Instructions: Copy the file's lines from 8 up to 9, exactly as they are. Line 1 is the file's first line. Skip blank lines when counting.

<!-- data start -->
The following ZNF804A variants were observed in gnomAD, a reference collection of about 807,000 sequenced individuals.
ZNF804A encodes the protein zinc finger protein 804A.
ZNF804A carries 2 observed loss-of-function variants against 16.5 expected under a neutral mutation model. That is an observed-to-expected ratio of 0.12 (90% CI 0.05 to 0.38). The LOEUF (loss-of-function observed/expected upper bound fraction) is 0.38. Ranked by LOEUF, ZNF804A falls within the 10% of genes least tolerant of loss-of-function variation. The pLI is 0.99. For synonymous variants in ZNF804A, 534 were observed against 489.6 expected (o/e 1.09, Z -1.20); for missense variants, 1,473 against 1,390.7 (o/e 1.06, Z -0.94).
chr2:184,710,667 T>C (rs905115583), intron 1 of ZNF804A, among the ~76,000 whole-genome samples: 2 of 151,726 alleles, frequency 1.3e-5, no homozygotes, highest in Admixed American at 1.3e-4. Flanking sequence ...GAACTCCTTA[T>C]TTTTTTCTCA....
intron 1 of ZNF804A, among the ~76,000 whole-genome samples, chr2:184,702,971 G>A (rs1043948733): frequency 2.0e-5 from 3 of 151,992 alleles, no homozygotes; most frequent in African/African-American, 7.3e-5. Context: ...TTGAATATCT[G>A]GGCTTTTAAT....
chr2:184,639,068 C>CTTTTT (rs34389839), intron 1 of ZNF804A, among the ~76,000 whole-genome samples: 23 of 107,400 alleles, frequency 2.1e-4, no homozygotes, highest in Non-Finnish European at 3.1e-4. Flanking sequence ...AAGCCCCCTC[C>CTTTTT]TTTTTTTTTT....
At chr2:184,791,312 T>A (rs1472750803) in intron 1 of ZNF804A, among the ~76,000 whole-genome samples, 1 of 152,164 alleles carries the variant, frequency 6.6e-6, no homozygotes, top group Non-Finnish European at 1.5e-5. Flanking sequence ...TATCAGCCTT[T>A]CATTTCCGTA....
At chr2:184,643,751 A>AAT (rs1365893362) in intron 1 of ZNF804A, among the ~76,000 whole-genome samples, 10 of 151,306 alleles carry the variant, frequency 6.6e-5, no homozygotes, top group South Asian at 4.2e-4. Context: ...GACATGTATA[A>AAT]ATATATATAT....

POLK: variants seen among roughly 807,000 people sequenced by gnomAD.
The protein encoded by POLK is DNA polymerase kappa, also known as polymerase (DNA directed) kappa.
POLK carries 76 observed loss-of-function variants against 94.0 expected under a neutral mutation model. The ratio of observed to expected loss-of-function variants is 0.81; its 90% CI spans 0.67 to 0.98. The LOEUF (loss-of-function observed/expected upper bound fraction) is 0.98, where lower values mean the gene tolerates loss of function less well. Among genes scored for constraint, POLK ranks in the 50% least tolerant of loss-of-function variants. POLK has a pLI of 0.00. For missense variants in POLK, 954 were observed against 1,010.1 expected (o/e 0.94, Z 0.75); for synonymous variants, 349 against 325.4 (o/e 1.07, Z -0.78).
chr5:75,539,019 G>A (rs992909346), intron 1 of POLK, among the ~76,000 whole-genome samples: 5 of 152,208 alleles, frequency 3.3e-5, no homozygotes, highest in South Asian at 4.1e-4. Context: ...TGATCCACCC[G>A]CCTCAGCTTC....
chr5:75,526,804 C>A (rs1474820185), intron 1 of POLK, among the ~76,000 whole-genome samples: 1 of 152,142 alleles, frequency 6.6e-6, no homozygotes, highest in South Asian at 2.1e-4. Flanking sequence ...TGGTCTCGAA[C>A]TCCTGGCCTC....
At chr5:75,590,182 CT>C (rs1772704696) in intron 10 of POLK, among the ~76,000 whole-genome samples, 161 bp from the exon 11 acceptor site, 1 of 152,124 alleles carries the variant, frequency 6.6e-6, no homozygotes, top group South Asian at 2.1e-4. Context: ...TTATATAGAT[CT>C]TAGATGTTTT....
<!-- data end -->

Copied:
At chr2:184,643,751 A>AAT (rs1365893362) in intron 1 of ZNF804A, among the ~76,000 whole-genome samples, 10 of 151,306 alleles carry the variant, frequency 6.6e-5, no homozygotes, top group South Asian at 4.2e-4. Context: ...GACATGTATA[A>AAT]ATATATATAT....

POLK: variants seen among roughly 807,000 people sequenced by gnomAD.